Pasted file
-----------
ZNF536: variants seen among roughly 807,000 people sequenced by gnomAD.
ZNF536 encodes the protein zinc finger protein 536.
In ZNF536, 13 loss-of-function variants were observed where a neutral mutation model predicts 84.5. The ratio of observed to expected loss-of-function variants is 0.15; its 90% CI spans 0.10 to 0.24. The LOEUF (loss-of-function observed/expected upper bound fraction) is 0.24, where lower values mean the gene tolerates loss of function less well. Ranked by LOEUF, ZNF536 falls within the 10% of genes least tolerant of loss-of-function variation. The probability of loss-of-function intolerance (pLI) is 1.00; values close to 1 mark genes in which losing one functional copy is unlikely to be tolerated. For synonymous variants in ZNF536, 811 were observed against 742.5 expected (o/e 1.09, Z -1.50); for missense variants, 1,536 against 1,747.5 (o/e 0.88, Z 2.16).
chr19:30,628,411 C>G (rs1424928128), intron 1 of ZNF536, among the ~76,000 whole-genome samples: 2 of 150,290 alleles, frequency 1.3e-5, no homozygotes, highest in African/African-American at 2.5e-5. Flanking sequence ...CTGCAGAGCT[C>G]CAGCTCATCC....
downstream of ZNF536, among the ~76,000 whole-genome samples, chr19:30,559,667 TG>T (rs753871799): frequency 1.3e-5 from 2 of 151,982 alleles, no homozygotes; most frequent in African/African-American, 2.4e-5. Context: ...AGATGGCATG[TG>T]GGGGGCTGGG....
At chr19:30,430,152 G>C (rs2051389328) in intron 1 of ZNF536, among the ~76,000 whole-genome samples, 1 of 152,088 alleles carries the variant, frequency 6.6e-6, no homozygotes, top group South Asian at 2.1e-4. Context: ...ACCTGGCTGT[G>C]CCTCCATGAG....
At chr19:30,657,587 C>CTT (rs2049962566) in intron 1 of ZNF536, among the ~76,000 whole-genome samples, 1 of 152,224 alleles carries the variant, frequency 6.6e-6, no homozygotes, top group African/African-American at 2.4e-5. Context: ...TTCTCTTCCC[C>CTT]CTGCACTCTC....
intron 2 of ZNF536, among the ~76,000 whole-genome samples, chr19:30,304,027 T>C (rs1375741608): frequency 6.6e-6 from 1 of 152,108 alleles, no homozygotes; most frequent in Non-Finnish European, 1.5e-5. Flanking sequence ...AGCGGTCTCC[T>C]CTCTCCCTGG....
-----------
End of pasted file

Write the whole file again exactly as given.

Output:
ZNF536: variants seen among roughly 807,000 people sequenced by gnomAD.
ZNF536 encodes the protein zinc finger protein 536.
In ZNF536, 13 loss-of-function variants were observed where a neutral mutation model predicts 84.5. The ratio of observed to expected loss-of-function variants is 0.15; its 90% CI spans 0.10 to 0.24. The LOEUF (loss-of-function observed/expected upper bound fraction) is 0.24, where lower values mean the gene tolerates loss of function less well. Ranked by LOEUF, ZNF536 falls within the 10% of genes least tolerant of loss-of-function variation. The probability of loss-of-function intolerance (pLI) is 1.00; values close to 1 mark genes in which losing one functional copy is unlikely to be tolerated. For synonymous variants in ZNF536, 811 were observed against 742.5 expected (o/e 1.09, Z -1.50); for missense variants, 1,536 against 1,747.5 (o/e 0.88, Z 2.16).
chr19:30,628,411 C>G (rs1424928128), intron 1 of ZNF536, among the ~76,000 whole-genome samples: 2 of 150,290 alleles, frequency 1.3e-5, no homozygotes, highest in African/African-American at 2.5e-5. Flanking sequence ...CTGCAGAGCT[C>G]CAGCTCATCC....
downstream of ZNF536, among the ~76,000 whole-genome samples, chr19:30,559,667 TG>T (rs753871799): frequency 1.3e-5 from 2 of 151,982 alleles, no homozygotes; most frequent in African/African-American, 2.4e-5. Context: ...AGATGGCATG[TG>T]GGGGGCTGGG....
At chr19:30,430,152 G>C (rs2051389328) in intron 1 of ZNF536, among the ~76,000 whole-genome samples, 1 of 152,088 alleles carries the variant, frequency 6.6e-6, no homozygotes, top group South Asian at 2.1e-4. Context: ...ACCTGGCTGT[G>C]CCTCCATGAG....
At chr19:30,657,587 C>CTT (rs2049962566) in intron 1 of ZNF536, among the ~76,000 whole-genome samples, 1 of 152,224 alleles carries the variant, frequency 6.6e-6, no homozygotes, top group African/African-American at 2.4e-5. Context: ...TTCTCTTCCC[C>CTT]CTGCACTCTC....
intron 2 of ZNF536, among the ~76,000 whole-genome samples, chr19:30,304,027 T>C (rs1375741608): frequency 6.6e-6 from 1 of 152,108 alleles, no homozygotes; most frequent in Non-Finnish European, 1.5e-5. Flanking sequence ...AGCGGTCTCC[T>C]CTCTCCCTGG....